We know from surviving accounts of Walker’s abolitionist talks that he would hold up his hand to audiences so that they might view his famous scars. At the conclusion of his lectures, one can imagine Walker passing among eager audiences, allowing men and women to take his middle-aged hand in their own to inspect the scars up close. Younger, less restrained, observers may even have touched the raised letters. The daguerreotype allowed this intimate ritual to be repeated by Bowditch and his associates at their leisure. Produced on a “ninth plate,” The Branded Hand was created on one of the smallest daguerreotype plates in circulation, measuring just 2 x 2.5 inches. Even with the inclusion of its protective casing, the framed image was diminutive. To see it clearly one needed to take it in hand; while women and children may have used both hands to cradle the daguerreotype, a man could easily have grasped it in one. To hold and study the daguerreotype is to see the stigma burned into the copper plate as a visual reminder of Walker’s ordeal, and to place an overlay of the “SS” brand across one’s own palm. For the elite, white viewers who cradled the daguerreotype, the mere desire to hold the image attested to their own abolitionist credentials, as it aligned Walker’s more famous hand with their own. With the superimposition of his “SS” scars on their palms, the daguerreotype may also have flattered viewers into imagining his or her own “suffering” (either emotional or financial) for the noble abolitionist cause. As it raised interest in and awareness of the fight against slavery, the Branded Hand daguerreotype helped to ensure that abolition would remain linked in the minds of white northerners to the dedication and suffering of European-Americans. In the odd logic of its day, the plight of blacks was publicized through attention to the experiences of whites whose more modest—and often imagined—suffering bore little relation to that experienced by millions of American slaves.

Martin A. Berger is Director of the Visual Studies Graduate Program and Professor in the History of Art and Visual Culture department at the University of California, Santa Cruz. His most recent book is Seeing through Race: A Reinterpretation of Civil Rights Photography (Berkeley: The University of California Press, 2011).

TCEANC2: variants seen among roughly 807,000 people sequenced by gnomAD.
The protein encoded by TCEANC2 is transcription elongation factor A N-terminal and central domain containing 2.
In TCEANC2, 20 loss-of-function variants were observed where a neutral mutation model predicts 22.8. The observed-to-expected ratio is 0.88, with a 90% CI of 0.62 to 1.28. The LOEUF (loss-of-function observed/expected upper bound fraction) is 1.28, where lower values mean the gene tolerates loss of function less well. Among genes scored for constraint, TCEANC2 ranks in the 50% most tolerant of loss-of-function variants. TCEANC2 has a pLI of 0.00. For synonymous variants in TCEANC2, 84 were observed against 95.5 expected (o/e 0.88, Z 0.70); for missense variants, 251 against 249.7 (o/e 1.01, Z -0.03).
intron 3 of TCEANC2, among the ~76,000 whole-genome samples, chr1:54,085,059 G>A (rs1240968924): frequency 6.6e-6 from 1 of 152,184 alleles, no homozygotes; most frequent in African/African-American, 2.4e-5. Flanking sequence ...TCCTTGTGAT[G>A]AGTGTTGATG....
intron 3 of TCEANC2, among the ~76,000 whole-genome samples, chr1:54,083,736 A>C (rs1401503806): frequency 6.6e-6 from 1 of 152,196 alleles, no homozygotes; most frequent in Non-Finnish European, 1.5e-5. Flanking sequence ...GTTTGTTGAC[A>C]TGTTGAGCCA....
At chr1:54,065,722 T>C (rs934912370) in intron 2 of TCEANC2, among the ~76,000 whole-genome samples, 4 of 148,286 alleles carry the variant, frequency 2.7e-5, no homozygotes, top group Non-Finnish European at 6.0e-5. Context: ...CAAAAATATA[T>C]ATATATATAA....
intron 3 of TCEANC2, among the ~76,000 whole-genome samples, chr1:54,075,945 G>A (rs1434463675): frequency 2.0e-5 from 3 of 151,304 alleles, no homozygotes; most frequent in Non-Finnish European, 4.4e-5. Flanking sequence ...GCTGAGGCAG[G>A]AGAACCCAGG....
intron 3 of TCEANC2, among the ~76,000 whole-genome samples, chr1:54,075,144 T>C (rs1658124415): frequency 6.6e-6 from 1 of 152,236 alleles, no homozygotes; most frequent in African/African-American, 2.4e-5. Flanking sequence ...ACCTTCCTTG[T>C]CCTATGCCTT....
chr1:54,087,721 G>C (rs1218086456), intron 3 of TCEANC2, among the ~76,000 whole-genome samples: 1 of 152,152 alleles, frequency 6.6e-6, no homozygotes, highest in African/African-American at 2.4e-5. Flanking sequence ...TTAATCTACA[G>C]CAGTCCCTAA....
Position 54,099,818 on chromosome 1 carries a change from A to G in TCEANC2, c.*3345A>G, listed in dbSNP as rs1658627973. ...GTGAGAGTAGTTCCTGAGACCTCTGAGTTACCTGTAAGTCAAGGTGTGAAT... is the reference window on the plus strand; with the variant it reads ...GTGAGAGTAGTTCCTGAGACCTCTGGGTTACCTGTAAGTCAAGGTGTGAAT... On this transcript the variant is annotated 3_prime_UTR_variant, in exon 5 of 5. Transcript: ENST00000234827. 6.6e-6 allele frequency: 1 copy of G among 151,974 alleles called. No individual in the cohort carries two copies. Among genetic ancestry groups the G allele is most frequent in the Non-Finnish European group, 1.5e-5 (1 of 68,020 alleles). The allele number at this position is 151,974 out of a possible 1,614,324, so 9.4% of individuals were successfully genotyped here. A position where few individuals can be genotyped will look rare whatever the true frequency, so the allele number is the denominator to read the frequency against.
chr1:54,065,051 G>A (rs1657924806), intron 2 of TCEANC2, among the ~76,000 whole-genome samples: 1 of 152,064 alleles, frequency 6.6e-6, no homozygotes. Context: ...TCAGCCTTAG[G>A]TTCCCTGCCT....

(1) Jonathan Walker, The Branded Hand: The Trial and Imprisonment of Jonathan Walker, at Pensacola, Florida, for Aiding Slaves to Escape from Bondage (Boston: Anti-Slavery Society, 1848), 32.

(2) Walker, Branded Hand, 40.

(3) For engraved reproductions of the daguerreotype image, see “The Branded Hand,” Prisoner’s Friend: A Monthly Magazine Devoted to Criminal Reform, Philosophy, August 13, 1845, 79; “The Man with the Branded Hand,” Zion’s Herald, July 12, 1899, 877; and the title page in each of Walker’s many editions of his autobiography The Branded Hand. For the popularity of newspaper engravings of the branded hand image, see Hazel Wolf, On Freedom’s Altar: The Martyr Complex in the Abolition Movement (Madison: University of Wisconsin Press, 1952), 67.

(4) “Communications: Jonathan Walker and John S. Jacobs on Sunday,” The North Star, March 31, 1848; “Walker Meeting in New Bedford,” The Liberator, August 22, 1845, 135.

(5) Frederick Douglass, Narrative of the Life of Frederick Douglass: An American Slave, Written by Himself (New York: FQ Classics, 2007), 10; when John S. Jacobs published an account of his life in The Leisure Hour: A Family Journal of Instruction and Recreation, the journal’s white editors prefaced his essay with their comment that “The writer of these autobiographical sketches has, since his escape from slavery, held positions of trust in free countries, and every statement may be relied on.” In “A True Tale of Slavery,” The Leisure Hour: A Family Journal of Instruction and Recreation (February 7, 1861), 85.

(6) Maria Weston Chapman, The Liberty Bell (Boston: Massachusetts Anti-Slavery Fair, 1845), 205-06; Douglass quoted in “The Branded Hand,” Chicago Daily Tribune, August 2, 1878, 1.

(7) Marcus Wood, Blind Memory: Visual Representations of Slavery in England and America, 1780-1865 (Manchester, U.K.: Manchester University Press, 2000), 243.

(8) Walker, Branded Hand, 101, 20, 40, 86.

(9) Walker, Branded Hand, 40-43.

(10) Walker, Branded Hand, 44; C.M. Bruleigh, “Tour on the Cape,” Liberator, February 28, 1845, 35.

(11) For whites’ reinterpretation of the “SS” branding, see Walker, Branded Hand, 108; “Walker Meeting in New Bedford,” The Liberator, August 22, 1845, 135; “Jonathan Walker,” Christian Reflector, August 21, 1845, 136; “The Branded Hand,” Liberator, September 5, 1845, 1; also, see Frank Edward Kittredge, “The Man with the Branded Hand,” The New England Magazine, November 1898, 369. “The Branded Hand,” Boston Chronicle, reprinted in Elihu Burritt, Sparks from the Anvil (London: Charles Gilpin, 1847), 97-98.

(12) [Anti-Slavery Society], The Branded Hand, pamphlet #9 (Philadelphia: Anti-Slavery Society, c.1846), 34. For abolitionist’s empathetic imaginings of themselves and their family members as suffering slaves, see Aileen S. Kraditor, Means and Ends in American Abolition: Garrison and His Critics on Strategy and Tactics, 1834-1850 (New York: Pantheon Books, 1967), 237-39, 242.